- Underutilized assets – There are also underutilized assets in the corridor, including the vacant Bontemps school building, several vacant commercial buildings, and many vacant lots. In the 122-acre corridor, there are more than 54 acres of vacant land.
- Nearby development – Englewood Square, on the northwest corner of 63rd and Halsted, is a five-acre shopping center that will be anchored by a Whole Foods grocery store and include a Starbucks and Chipotle restaurant. It will open in August 2016.
Englewood Square Retail, Source: DL3 Realty
The area has seen significant development over the past 10 years including construction of the 40-acre, six-building Kennedy King College campus; the 73-unit Hope Manor II housing for veterans, at 63rd and Halsted; the 99 supportive housing units at Mercy Englewood Apartments, 901 W. 63rd St.; and the 24-unit Sangamon Terrace Apartments at 62nd and Sangamon.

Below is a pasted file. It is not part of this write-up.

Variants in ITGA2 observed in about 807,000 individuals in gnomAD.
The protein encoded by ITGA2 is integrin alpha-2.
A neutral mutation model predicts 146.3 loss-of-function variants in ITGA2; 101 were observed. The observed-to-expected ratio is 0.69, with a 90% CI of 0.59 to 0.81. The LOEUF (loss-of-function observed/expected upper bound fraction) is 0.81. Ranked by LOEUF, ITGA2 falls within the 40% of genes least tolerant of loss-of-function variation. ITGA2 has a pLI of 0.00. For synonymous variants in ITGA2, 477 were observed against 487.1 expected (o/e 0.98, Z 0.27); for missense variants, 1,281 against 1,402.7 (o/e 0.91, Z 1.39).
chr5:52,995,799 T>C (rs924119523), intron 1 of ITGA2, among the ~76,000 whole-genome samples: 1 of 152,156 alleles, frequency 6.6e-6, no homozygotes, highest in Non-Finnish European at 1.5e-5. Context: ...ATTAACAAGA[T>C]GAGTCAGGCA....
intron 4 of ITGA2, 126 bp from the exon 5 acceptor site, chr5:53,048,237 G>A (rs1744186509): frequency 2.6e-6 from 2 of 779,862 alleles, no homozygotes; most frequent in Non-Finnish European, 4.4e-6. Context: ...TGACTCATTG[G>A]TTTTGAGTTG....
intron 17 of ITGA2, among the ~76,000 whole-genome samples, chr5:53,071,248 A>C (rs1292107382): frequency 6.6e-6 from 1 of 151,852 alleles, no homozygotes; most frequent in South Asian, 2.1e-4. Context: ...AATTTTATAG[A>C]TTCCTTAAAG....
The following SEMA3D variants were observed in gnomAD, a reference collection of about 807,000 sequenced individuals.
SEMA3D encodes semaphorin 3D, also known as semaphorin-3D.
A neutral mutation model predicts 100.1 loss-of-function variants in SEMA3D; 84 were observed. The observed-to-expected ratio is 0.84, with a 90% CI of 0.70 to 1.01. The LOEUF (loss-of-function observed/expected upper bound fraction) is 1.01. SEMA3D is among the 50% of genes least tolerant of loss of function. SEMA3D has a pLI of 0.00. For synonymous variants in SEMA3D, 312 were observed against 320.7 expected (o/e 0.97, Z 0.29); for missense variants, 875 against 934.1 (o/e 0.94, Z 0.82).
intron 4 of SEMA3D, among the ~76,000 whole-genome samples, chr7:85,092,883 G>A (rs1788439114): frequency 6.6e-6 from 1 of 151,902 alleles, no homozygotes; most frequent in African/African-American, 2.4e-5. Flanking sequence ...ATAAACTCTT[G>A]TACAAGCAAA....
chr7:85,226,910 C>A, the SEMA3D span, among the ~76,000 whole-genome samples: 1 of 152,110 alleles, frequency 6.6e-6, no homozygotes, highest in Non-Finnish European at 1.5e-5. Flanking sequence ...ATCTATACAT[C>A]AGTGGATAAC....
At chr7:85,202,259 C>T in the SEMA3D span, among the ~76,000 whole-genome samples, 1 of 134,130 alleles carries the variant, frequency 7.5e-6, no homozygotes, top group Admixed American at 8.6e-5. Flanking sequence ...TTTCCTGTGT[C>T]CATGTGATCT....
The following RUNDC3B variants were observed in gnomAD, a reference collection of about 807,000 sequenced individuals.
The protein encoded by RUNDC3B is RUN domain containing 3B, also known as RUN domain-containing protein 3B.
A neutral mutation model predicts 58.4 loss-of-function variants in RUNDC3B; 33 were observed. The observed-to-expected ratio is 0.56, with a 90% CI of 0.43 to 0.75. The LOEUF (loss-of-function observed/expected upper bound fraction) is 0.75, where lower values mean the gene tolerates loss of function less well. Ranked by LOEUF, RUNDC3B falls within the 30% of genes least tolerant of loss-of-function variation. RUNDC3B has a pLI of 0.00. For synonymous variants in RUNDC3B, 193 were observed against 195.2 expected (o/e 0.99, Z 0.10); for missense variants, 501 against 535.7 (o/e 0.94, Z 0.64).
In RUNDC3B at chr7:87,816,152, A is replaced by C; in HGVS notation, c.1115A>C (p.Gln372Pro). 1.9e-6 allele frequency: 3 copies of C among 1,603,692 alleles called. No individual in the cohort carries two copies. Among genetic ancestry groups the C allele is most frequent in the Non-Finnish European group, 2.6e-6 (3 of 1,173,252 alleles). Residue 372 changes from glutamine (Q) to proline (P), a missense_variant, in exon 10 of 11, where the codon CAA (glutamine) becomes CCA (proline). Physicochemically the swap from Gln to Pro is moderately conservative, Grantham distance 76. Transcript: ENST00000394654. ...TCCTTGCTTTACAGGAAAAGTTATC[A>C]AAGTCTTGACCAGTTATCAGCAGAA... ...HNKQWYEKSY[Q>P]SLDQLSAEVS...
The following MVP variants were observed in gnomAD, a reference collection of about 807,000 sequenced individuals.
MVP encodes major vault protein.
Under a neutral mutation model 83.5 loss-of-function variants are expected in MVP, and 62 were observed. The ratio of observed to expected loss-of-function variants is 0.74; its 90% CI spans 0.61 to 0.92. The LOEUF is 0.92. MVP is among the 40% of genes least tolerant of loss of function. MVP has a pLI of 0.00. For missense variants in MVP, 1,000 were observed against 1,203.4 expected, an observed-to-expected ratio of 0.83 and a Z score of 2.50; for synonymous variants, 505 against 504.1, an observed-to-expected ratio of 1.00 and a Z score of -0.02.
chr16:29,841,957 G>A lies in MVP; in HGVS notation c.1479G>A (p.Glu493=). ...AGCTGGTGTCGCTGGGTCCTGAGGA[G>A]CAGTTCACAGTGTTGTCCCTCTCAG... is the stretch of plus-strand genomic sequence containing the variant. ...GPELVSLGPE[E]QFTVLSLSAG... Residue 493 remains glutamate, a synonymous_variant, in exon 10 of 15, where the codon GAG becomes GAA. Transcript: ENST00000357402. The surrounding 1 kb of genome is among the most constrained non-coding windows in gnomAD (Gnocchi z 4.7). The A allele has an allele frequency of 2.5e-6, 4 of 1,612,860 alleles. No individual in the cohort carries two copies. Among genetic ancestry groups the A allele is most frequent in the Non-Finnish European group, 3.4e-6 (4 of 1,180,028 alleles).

The shopping district along 63rd Street near Kennedy King College includes a Walgreen store, Aldi, Subway, Dunkin Donuts, Shark’s Fish and Chicken, and other stores.
The Englewood Line crosses through several distinct sections, each with its own character and mix of uses, including:
Damen Avenue – Bus routes and bike lanes, the nearby Lindblom Park and high school and economic development opportunities along Damen Avenue provide a commercial focus to this area.
Wood Street agriculture district / Hermitage Park – Key locations here include Hermitage Park and the adjacent Growing Home farms at Wood Street and Honore Street. With recent expansion by Growing Home, this is a likely area for fuller development of the Englewood Urban Agriculture District.
Ashland Avenue – With an average daily traffic count of 18,600, Ashland Avenue is the corridor’s busiest cross street, and close to a small shopping center and other businesses.